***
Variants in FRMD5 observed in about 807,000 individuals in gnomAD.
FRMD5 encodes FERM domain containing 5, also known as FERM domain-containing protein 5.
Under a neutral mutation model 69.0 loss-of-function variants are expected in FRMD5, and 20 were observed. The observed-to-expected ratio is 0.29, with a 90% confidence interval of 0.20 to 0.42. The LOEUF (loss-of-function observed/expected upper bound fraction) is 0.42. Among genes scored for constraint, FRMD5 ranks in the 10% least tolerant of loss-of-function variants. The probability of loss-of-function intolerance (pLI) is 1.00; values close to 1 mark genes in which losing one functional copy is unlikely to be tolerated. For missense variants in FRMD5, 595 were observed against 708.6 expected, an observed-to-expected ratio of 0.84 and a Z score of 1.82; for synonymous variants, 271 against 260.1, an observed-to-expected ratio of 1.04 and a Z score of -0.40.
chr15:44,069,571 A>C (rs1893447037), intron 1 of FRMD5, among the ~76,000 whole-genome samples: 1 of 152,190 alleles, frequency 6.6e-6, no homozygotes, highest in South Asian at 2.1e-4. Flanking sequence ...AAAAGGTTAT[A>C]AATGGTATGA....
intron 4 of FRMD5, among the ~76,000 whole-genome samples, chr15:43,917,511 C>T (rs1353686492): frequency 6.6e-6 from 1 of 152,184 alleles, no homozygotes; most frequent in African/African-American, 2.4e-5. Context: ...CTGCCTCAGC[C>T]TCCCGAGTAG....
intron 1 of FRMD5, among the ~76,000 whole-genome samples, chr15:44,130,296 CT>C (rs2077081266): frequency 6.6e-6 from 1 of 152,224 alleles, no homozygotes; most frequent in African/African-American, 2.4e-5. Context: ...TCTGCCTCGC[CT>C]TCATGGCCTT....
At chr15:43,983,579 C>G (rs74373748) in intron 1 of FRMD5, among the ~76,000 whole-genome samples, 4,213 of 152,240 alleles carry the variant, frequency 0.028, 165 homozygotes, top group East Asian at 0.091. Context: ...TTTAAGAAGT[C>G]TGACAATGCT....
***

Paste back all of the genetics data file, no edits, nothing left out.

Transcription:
Variants in FRMD5 observed in about 807,000 individuals in gnomAD.
FRMD5 encodes FERM domain containing 5, also known as FERM domain-containing protein 5.
Under a neutral mutation model 69.0 loss-of-function variants are expected in FRMD5, and 20 were observed. The observed-to-expected ratio is 0.29, with a 90% confidence interval of 0.20 to 0.42. The LOEUF (loss-of-function observed/expected upper bound fraction) is 0.42. Among genes scored for constraint, FRMD5 ranks in the 10% least tolerant of loss-of-function variants. The probability of loss-of-function intolerance (pLI) is 1.00; values close to 1 mark genes in which losing one functional copy is unlikely to be tolerated. For missense variants in FRMD5, 595 were observed against 708.6 expected, an observed-to-expected ratio of 0.84 and a Z score of 1.82; for synonymous variants, 271 against 260.1, an observed-to-expected ratio of 1.04 and a Z score of -0.40.
chr15:44,069,571 A>C (rs1893447037), intron 1 of FRMD5, among the ~76,000 whole-genome samples: 1 of 152,190 alleles, frequency 6.6e-6, no homozygotes, highest in South Asian at 2.1e-4. Flanking sequence ...AAAAGGTTAT[A>C]AATGGTATGA....
intron 4 of FRMD5, among the ~76,000 whole-genome samples, chr15:43,917,511 C>T (rs1353686492): frequency 6.6e-6 from 1 of 152,184 alleles, no homozygotes; most frequent in African/African-American, 2.4e-5. Context: ...CTGCCTCAGC[C>T]TCCCGAGTAG....
intron 1 of FRMD5, among the ~76,000 whole-genome samples, chr15:44,130,296 CT>C (rs2077081266): frequency 6.6e-6 from 1 of 152,224 alleles, no homozygotes; most frequent in African/African-American, 2.4e-5. Context: ...TCTGCCTCGC[CT>C]TCATGGCCTT....
At chr15:43,983,579 C>G (rs74373748) in intron 1 of FRMD5, among the ~76,000 whole-genome samples, 4,213 of 152,240 alleles carry the variant, frequency 0.028, 165 homozygotes, top group East Asian at 0.091. Context: ...TTTAAGAAGT[C>G]TGACAATGCT....